Authored by Mickey North Rizza
Last wednesday in Europe: Hundreds of flights were cancelled and car factories and ports closed. Trains barely ran in Spain and Portugal. According to reports, additional international rail services were disrupted by strikes in Belgium.
Beyond the obvious disruption of these protests, they also impact the supply chain. Transporters in areas affected by protests can’t deliver – leaving manufacturers in many areas (even those outside the affected zones) scrambling to find the parts they need to fill orders.
How do you prepare for the unpredictable? Supply chain disruptions are inevitable and unpredictable — outages are bound to happen from time to time. But that’s no excuse for not being prepared. Manufacturers must ensure they have complete visibility and intelligence into their supply chains at all times. By knowing the weak spots, and having insight into potential danger zones, manufactures can diversify their risk — and at least have a plan in place for when supply chain disruptions hit.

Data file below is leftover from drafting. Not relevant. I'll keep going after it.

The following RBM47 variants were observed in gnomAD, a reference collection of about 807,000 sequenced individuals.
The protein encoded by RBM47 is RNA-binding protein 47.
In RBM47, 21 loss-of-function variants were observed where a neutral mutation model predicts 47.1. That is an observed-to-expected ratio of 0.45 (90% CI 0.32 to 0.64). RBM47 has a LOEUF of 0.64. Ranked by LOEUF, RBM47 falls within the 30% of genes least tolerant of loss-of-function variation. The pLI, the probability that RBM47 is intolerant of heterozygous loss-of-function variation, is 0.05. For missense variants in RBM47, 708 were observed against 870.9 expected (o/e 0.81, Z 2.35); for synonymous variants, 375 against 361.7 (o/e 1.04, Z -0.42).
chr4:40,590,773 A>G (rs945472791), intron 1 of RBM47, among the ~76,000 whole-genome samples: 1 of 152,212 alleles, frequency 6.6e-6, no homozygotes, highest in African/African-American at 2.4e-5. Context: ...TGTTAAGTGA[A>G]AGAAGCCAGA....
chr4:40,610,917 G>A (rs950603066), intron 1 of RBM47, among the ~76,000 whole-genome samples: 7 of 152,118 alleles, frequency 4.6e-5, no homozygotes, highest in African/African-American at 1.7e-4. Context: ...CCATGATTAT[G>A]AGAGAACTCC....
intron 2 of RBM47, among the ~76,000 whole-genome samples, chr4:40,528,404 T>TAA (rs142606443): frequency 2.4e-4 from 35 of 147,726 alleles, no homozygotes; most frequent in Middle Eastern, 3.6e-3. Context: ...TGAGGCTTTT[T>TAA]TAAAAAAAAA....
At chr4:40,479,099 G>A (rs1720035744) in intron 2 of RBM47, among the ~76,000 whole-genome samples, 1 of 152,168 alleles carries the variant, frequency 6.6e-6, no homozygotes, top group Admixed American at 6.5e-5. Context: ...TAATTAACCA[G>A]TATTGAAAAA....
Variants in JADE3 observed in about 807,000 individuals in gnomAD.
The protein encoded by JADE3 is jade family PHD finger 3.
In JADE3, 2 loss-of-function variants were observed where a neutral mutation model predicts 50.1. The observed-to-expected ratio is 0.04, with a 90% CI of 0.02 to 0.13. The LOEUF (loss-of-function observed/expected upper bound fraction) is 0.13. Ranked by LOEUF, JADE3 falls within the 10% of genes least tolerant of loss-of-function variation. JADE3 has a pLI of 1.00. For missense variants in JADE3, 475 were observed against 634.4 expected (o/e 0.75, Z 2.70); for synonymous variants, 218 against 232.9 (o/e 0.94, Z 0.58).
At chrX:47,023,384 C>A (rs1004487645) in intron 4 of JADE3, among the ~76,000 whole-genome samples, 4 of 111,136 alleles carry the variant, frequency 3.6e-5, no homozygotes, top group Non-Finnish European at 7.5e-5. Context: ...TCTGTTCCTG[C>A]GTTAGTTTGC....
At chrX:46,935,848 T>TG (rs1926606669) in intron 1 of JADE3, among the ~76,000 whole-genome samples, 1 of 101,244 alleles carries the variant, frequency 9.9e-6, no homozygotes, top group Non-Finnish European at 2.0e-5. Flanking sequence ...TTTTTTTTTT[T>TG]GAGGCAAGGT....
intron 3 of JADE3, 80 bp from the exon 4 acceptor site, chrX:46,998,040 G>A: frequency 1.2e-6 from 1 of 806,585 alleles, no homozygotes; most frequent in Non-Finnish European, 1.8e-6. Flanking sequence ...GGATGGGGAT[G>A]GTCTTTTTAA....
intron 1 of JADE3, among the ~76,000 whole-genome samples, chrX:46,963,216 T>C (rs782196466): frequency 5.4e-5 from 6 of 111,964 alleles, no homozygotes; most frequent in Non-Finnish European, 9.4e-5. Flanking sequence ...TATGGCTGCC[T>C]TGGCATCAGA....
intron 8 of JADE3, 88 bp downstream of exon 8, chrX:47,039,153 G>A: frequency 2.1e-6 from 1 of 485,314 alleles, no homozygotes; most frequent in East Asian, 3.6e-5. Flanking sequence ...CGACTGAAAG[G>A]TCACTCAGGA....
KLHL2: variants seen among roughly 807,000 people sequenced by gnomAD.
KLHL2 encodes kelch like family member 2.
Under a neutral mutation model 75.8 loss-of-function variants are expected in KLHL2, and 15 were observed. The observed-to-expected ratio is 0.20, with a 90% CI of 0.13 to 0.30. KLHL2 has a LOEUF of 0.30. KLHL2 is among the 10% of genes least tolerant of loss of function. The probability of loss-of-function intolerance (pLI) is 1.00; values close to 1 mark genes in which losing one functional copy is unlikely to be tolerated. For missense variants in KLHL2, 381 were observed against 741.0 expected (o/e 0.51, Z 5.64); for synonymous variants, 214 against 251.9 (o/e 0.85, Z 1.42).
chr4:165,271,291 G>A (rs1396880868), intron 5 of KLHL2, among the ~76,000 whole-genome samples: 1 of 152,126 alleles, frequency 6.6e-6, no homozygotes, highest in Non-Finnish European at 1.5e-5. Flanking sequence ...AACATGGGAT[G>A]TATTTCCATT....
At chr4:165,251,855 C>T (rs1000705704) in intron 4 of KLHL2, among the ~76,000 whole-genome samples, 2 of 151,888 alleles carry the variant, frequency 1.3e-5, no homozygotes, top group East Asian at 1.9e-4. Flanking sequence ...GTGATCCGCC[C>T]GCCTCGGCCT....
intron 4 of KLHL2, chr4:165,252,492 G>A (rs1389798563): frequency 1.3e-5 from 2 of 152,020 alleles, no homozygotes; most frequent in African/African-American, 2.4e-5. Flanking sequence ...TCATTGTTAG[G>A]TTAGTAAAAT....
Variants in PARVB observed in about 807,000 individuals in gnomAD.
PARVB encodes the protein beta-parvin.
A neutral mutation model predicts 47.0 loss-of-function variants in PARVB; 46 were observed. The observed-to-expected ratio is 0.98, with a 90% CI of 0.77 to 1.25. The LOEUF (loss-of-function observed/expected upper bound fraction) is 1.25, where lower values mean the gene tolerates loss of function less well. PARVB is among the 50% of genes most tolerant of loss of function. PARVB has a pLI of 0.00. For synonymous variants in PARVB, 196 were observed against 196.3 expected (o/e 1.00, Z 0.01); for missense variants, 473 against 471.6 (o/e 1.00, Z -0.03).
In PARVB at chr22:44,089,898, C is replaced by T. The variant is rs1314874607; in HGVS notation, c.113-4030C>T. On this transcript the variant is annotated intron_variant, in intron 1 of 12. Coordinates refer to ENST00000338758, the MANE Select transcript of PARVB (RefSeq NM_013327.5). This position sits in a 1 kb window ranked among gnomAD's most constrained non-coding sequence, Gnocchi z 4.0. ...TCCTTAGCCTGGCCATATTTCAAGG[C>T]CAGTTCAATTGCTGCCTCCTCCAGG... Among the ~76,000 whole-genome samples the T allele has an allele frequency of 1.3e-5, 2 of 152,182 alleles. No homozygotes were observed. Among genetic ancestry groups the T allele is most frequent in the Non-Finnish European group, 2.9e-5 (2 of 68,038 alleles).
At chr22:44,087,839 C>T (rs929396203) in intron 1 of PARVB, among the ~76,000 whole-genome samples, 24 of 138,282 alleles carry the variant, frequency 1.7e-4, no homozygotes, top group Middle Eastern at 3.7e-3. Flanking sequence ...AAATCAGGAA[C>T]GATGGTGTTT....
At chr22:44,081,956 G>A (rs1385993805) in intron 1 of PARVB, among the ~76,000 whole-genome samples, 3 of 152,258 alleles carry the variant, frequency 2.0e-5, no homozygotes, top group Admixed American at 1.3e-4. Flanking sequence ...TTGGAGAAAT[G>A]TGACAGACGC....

No supply chain will ever be 100% safe from supplier disruptions. However, organizations that develop lasting collaborative relationships with their most strategic vendors can at least have peace-of-mind that operations will continue to run smoothly — even in the face of unpredictable disruptions.